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Thread: Rogue Tanking

  1. #1
    Soulwalker
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    Default Rogue Tanking

    I've seen many threads discussing the issues with Riftstalker tanking. I've tanked my entire time as a rogue an often comment I hear over and over again is "You're far easier to heal than a Warrior tank." I'm going to discuss both the pros and cons of Riftstalker tanking and why the RS is arguably the best tank in the game right now.

    There are many RS specs that are often discussed, but the one that offers the most mitigation and in my opinion, the only viable end game raiding spec is:

    http://rift.zam.com/en/stc.html?t=1M...uqdRkkR.xh.xoz

    First, letís discuss mitigation. The Riftstalker has the highest "raw" mitigation of any tank in the game. When I talk about "raw" mitigation, I'm talking about mitigation that happens on every single piece of damage. We receive the following mitigation:

    35% from Riftguard
    6% from Ranger talent (Bolster)
    6% from RS talent (Exceptional Resilience)
    6% from RS attack (Phantom Blow)
    1% from Bard talent (Street Smart) - Basically gives the enemy 99% chance to hit you. This doesn't count the reduced critical... So maybe 1.05% total or something along the lines).

    That's a whopping total of 54% raw mitigation. Now, letís look at armor. My rogue with Guarded Steel up has 7,000 armor offering 51% physical mitigation. So how does this look on a 1,000 hit physical strike.

    1000 gets mitigated 51% so I take 490 damage. Then all of our other mitigation kicks in... So of 490 we mitigate 53-54% more, and we end up taking 226 damage. Thatís a total mitigation of 77.4%... That's right on par of what Warriors are mitigating with block up. The only difference is, Rogues are producing that mitigation 100% of the time vice 70% (Average warrior block rating).

    In short, Rogues are less spikey tanks. When a warrior happens to not Block, dodge or parry a strike, they take large amounts of damage. An average Warrior tank has about 97% uptime on block, dodge and parry. Exceptionally geared warrirors see about 98 or 99% uptime.

    There are many perceptions about Rogue tanks that are clearly wrong in my honest opinion. Letís take a look at a few:

    1) AOE threat isn't up to par. This simply just isn't the case. I've never had a problem holding threat even with the deadliest of Warrior or Storm Callers. What many Rogues lack is the how to tank multiple mobs. For instance, many Rogues "face tank" meaning they will blink in with Shadow Blitz to start a pull. This is probabl the worst way to pull multiple mobs. So, we'll take a look at a common rotation I use pulling 5 mobs (3 melee 2 range).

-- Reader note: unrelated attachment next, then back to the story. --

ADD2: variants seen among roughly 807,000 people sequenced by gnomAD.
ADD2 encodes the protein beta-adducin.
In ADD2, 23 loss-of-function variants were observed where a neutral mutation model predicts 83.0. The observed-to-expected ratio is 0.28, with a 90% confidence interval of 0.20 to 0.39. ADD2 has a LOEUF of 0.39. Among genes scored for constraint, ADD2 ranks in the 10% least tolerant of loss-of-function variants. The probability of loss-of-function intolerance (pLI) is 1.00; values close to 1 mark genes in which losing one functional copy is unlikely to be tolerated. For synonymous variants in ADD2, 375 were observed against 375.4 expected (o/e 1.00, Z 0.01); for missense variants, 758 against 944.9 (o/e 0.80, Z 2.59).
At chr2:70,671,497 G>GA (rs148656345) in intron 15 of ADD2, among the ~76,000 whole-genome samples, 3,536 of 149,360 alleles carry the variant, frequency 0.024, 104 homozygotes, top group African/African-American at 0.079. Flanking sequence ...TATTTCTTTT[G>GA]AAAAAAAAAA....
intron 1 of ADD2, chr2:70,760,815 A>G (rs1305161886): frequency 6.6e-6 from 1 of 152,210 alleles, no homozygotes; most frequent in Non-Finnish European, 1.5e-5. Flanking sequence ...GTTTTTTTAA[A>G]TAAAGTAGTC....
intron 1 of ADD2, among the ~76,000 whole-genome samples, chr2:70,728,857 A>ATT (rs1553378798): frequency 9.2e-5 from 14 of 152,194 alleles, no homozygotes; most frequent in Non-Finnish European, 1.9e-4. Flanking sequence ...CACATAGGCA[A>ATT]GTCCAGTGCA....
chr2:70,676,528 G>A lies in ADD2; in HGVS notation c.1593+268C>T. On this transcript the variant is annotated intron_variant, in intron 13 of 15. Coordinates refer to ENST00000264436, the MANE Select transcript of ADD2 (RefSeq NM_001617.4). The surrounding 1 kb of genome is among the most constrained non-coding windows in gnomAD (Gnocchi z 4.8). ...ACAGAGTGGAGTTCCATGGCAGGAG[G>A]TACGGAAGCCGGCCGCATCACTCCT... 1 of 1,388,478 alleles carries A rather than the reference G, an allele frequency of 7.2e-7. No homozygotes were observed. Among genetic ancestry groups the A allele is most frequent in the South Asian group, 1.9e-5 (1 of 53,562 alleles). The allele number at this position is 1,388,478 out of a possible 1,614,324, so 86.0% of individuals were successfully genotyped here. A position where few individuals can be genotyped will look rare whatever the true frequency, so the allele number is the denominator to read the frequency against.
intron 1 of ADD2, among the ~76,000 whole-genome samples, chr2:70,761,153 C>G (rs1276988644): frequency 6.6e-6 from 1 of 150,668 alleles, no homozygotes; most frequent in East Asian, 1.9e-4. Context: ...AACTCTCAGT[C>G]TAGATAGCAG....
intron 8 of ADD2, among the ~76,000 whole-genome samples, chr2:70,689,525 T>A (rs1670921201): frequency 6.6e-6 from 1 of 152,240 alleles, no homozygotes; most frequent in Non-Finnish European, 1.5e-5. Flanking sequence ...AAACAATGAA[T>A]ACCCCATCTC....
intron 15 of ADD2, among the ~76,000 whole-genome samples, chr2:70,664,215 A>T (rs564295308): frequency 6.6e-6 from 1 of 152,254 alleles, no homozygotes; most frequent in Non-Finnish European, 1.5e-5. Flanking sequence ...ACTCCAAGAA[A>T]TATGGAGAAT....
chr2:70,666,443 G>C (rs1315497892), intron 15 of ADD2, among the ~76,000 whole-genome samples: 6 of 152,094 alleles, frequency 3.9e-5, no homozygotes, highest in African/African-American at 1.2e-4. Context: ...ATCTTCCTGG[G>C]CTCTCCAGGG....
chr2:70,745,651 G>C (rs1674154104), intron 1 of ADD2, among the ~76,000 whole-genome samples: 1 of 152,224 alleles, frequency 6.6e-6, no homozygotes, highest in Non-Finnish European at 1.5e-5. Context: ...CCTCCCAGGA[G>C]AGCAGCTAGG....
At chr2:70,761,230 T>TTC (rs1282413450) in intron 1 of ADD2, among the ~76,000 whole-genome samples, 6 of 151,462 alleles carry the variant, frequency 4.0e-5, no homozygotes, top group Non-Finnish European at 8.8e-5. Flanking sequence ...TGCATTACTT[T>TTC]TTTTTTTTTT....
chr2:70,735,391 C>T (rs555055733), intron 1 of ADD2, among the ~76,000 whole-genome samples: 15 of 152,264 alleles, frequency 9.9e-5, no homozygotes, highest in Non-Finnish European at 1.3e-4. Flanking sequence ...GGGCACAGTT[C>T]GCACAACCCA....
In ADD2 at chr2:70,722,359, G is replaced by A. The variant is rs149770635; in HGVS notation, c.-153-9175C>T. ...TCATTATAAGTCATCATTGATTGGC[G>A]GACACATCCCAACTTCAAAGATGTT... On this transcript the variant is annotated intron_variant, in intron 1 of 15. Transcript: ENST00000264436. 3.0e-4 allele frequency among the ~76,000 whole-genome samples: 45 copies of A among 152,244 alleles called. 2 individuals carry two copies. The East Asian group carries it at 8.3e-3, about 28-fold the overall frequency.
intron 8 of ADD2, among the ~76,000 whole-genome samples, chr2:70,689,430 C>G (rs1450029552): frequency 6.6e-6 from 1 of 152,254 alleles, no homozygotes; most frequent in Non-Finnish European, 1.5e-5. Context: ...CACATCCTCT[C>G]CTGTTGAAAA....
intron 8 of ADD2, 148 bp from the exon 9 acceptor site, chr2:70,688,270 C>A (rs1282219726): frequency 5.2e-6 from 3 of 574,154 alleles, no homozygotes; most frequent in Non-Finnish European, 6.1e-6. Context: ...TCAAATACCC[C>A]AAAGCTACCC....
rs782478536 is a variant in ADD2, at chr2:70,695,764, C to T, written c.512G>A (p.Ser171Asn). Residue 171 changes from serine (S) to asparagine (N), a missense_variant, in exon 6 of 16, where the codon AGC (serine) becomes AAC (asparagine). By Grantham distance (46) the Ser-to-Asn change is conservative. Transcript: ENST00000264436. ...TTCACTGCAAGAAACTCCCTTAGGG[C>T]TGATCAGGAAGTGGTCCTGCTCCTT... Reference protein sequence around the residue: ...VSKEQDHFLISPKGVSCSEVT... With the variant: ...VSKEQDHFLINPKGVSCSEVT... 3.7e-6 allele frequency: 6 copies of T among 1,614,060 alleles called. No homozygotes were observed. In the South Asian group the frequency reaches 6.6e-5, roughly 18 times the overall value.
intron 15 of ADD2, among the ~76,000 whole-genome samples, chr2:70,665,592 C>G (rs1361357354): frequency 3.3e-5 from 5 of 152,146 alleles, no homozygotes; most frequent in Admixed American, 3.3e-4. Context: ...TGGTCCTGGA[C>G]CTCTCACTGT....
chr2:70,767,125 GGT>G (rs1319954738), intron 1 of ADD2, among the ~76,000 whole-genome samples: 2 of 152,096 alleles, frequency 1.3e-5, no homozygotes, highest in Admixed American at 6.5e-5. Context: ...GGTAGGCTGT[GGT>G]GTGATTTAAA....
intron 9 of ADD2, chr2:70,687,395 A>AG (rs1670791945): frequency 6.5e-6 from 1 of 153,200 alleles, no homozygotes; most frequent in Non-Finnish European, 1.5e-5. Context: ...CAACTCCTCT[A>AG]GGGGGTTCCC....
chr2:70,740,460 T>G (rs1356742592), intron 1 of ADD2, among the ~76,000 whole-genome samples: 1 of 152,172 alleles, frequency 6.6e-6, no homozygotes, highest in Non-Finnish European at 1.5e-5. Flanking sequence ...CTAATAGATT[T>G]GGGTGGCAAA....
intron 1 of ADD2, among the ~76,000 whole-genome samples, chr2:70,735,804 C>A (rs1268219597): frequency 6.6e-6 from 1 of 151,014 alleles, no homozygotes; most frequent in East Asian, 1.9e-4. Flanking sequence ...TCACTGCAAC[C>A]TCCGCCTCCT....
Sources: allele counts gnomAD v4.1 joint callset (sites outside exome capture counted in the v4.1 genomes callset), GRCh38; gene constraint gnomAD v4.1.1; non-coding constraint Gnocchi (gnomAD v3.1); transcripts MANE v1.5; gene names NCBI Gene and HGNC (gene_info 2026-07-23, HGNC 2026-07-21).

First start off using your Ranger Skill (Quick Shot) to build up 2 quick combo points on a melee mob. At the same time you're running towards the mobs and as they get close you use Rift Disturbance. Next thing you do is select a ranged mob and cast Shadow Assault. This now gives you threat on 4/5 mobs also delaying damage from the melee mobs as they run to you. You should Instigate the last ranged mob, and then cast Shadow Blitz as all mobs come close to you. By the time Rift Disturbance will be up again and you use that on all 5 mobs. You should have no problems maintaining aggro by tab targeting mobs (Build up 2-3 combo points then finish) and casting Rift Disturbance as much as possible. (Keep in mind, you don't have to have 5 combo points to use Rift Guard. 95% of the time, I use it with only 3 combo points when I first pull. I use guarded steel with only 2-3 combo points as well). Once the encounter settles down, you can easily use 5 combo point finishers.

    A large amount of problems with RS tanking is how people tank. I've run many dungeons where RS tanks complain about many of the same issues you see on the forums. The fact of the matter is, RS tanks must be the smartest of any type of tank. We don't have the CDs that Warriors or Clerics have so we always have to be one step ahead of the game. This means knowing encounters extremely well so you can use well place cool downs. All of our cool downs should be used proactively vice reactively. This means paying attention to healers and when the raid takes large amounts of damage, this is time to use your cool down so they can worry less about you and more about the raid. When a healer becomes CC'd, pop a cool down to remove the pressure of off healers or give other healers time to switch. Essentially, RS cool downs are better used proactively. Let your healers use their "oh crap" buttons because that's more what they are made for.

    2) Dodge > raw mitigation. Many rogues believe going into Bladedancer tree for the added dodge is worth missing out on 6% raw mitigation in the Ranger tree or the Armor and health increases from the Bard tree. This simply isn't true. Healers HATE avoidance tanks. This causes you take huge spikes in damage. There are very few cases when dodge is needed over mitigation. For those reasons I run a 2nd tank spec with that looks like this:

    http://rift.zam.com/en/stc.html?t=1M...uqdRkkR.xb.x0d

    Again, this build I use less than 5% of the time.

    3) What is effective HP? One of the huge advantages of a Rogue tank is our enormous HP pool. Currently in my guild, I have 1500-2000 more HP than our Warrior tank who is our MT. He's nearlly full T3 with almost full BIS items. I have a few pieces of T3. If my gear was on par with his, I'd easily have 3-3.5k more health. I'm currently over 15.4k HP raid buffed. Our MT is about 13.5 maybe 14k hp raid buffed.